Because you know your Pythagorean triples, you know that this is a big cousin of the 3-4-5 triangle—it’s a 12-16-20!
Now, let me point out something that you may already have realized: if triangle DEF is similar to triangle ABC, that means it has the same angles! Since the sine of an angle is always the same ratio regardless of the lengths of the sides in any particular triangle, we don’t need to draw DEF or calculate its side lengths to know what the sine of angle F is! The question tells us that angle F corresponds to angle C, so sin F = sin C. All we need to do is calculate the sine of C. So, SOH-CAH-TOA that bad boy.
Note that you can grid the fraction, 3/5, or the decimal equivalent .6 and be correct.
First, here’s a mockup of the figure (not to scale):
You’re told that 180 – z = 2y, and then you’re told that y = 75. (This is typical of the SAT: give you the information in the reverse order in which you should use it.) So let’s solve for z, and then mark up the figure a bit.
180 – z = 2(75)
180 – z = 150
–z = –30 z = 30
To move forward from here, you need to remember the base angle theorem: in isosceles triangles, the angles across from the congruent sides are also congruent. So the blue angles and the red angles below are congruent.
We want x, so let’s figure out what those red angles are (I’ll use a for them):
30 + 2a = 180
2a = 150 a = 75
If the red angles each measure 75°, then remembering that a straight line measures 180°, we can solve for x:
For this one, you’re looking for the equation of a circle with a center of that passes through . The best way to go here is just to build the equation.
For this test, you should know the standard circle equation: A circle with center and radius r has the equation . You can fill in the left side immediately: The center of this circle is (0, 4), so the left side should be .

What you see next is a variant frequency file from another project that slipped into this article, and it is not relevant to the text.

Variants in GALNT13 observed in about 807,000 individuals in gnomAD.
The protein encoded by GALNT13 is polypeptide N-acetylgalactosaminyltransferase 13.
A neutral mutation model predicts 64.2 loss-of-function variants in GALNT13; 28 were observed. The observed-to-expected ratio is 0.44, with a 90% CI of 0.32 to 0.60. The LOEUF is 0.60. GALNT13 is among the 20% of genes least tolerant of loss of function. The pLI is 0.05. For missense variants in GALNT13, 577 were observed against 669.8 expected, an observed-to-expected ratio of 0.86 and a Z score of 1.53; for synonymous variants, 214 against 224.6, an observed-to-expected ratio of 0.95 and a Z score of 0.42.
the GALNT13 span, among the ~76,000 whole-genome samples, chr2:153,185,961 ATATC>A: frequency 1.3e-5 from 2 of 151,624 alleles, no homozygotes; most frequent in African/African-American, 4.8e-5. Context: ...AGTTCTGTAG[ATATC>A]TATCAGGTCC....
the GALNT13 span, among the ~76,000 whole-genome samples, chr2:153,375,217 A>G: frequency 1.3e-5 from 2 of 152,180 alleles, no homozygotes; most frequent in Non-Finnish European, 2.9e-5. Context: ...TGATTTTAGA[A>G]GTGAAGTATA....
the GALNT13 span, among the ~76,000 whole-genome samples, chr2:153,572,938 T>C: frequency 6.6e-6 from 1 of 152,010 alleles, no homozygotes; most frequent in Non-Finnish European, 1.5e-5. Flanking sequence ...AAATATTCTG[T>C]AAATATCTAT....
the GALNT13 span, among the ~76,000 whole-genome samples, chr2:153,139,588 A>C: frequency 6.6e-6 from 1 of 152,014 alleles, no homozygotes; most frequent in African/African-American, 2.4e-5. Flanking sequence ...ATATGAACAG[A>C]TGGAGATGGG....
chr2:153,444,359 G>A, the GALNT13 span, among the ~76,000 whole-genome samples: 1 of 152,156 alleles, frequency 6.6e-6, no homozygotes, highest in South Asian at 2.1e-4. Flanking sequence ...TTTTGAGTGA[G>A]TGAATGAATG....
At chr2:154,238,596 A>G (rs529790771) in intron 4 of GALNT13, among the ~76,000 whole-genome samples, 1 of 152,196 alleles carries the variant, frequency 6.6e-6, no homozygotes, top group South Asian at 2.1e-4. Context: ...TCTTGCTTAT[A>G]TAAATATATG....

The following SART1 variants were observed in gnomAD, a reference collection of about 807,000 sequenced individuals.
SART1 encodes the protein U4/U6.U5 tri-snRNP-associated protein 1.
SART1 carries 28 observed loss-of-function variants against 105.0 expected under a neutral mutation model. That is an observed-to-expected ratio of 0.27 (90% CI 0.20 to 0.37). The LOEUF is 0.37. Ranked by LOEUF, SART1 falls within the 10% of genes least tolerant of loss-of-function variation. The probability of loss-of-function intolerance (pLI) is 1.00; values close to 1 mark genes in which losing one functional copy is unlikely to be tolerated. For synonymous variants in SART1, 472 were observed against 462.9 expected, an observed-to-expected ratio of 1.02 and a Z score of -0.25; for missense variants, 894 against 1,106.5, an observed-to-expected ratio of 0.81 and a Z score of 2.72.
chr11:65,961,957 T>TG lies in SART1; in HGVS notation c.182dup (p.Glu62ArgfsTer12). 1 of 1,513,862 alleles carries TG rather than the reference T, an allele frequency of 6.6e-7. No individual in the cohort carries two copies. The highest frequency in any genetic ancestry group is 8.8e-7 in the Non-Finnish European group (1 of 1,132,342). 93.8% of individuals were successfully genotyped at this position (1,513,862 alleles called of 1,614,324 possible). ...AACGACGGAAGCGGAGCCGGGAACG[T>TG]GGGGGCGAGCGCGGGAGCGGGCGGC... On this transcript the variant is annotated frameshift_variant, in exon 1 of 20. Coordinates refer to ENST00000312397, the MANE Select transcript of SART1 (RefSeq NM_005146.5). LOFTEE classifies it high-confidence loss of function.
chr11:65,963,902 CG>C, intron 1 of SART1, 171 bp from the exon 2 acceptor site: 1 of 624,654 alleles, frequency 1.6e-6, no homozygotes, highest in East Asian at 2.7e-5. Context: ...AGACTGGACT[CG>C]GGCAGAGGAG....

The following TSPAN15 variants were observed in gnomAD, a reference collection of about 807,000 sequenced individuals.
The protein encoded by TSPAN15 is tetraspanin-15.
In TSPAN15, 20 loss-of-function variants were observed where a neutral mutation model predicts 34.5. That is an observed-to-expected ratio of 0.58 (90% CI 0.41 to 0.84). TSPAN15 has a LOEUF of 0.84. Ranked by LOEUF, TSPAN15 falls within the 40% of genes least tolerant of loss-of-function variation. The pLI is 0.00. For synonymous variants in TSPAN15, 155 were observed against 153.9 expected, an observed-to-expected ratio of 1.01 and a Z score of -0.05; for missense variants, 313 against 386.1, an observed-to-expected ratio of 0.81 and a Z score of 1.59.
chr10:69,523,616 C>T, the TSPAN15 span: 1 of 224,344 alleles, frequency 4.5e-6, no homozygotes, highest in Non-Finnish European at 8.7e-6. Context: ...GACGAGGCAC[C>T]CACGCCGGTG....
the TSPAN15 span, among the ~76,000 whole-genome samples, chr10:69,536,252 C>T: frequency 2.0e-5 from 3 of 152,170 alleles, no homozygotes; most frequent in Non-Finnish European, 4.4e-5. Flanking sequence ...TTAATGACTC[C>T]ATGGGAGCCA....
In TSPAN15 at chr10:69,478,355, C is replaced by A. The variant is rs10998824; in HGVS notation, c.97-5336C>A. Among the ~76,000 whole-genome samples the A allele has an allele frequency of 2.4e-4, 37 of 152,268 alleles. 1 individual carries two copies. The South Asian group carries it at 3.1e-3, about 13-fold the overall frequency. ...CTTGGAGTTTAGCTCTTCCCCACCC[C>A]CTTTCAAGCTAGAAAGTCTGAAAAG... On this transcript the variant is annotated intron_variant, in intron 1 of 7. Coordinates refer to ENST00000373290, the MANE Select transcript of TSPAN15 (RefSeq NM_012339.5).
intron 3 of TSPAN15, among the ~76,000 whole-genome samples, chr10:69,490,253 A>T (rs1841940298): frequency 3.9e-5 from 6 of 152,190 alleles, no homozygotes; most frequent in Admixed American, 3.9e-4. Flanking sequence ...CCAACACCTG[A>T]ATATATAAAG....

To fill in the right side, you need to find (or ). Easy enough:
So the answer you want is A.
A note for those who like quick and dirty solutions: Once you’ve got the left side of the equation, you know the answer must be either A or C. If you’re paying close attention, you’ll notice that the only difference between A and C is on the right side of the equation: A says and C says . If you’re in a hurry, that’s probably good enough—you know you’re looking for a squared value, and A provides it.
Another note: if you can’t remember the circle equation, you can still get this question right! Use your calculator to plug and into each answer choice. Only one will work. 🙂
If Paul is using a piece of fencing 80 meters long to build a rectangular enclosure for his dog, what is the greatest possible area that can be enclosed?
Say the sides are x and y long. The perimeter of the fence must be 80, so 2x + 2y = 80. The area of the fence will be xy.
We can use the first equation to get the second equation in terms of only one variable!
2x + 2y = 80 y = 40 – x
Now you can say that the area of the rectangle will be x(40 – x). You can graph that if you want, or you can just recognize that it will be a downward facing parabola with roots at 0 and 40. That means it’ll have its maximum when x = 20. That means the greatest possible area will be when x = 20, when the area will equal 400 square meters.
Just remember that in a case like this, the biggest rectangular area you can enclose is with a square. If you know the perimeter needs to be 80, then make a 20×20 square.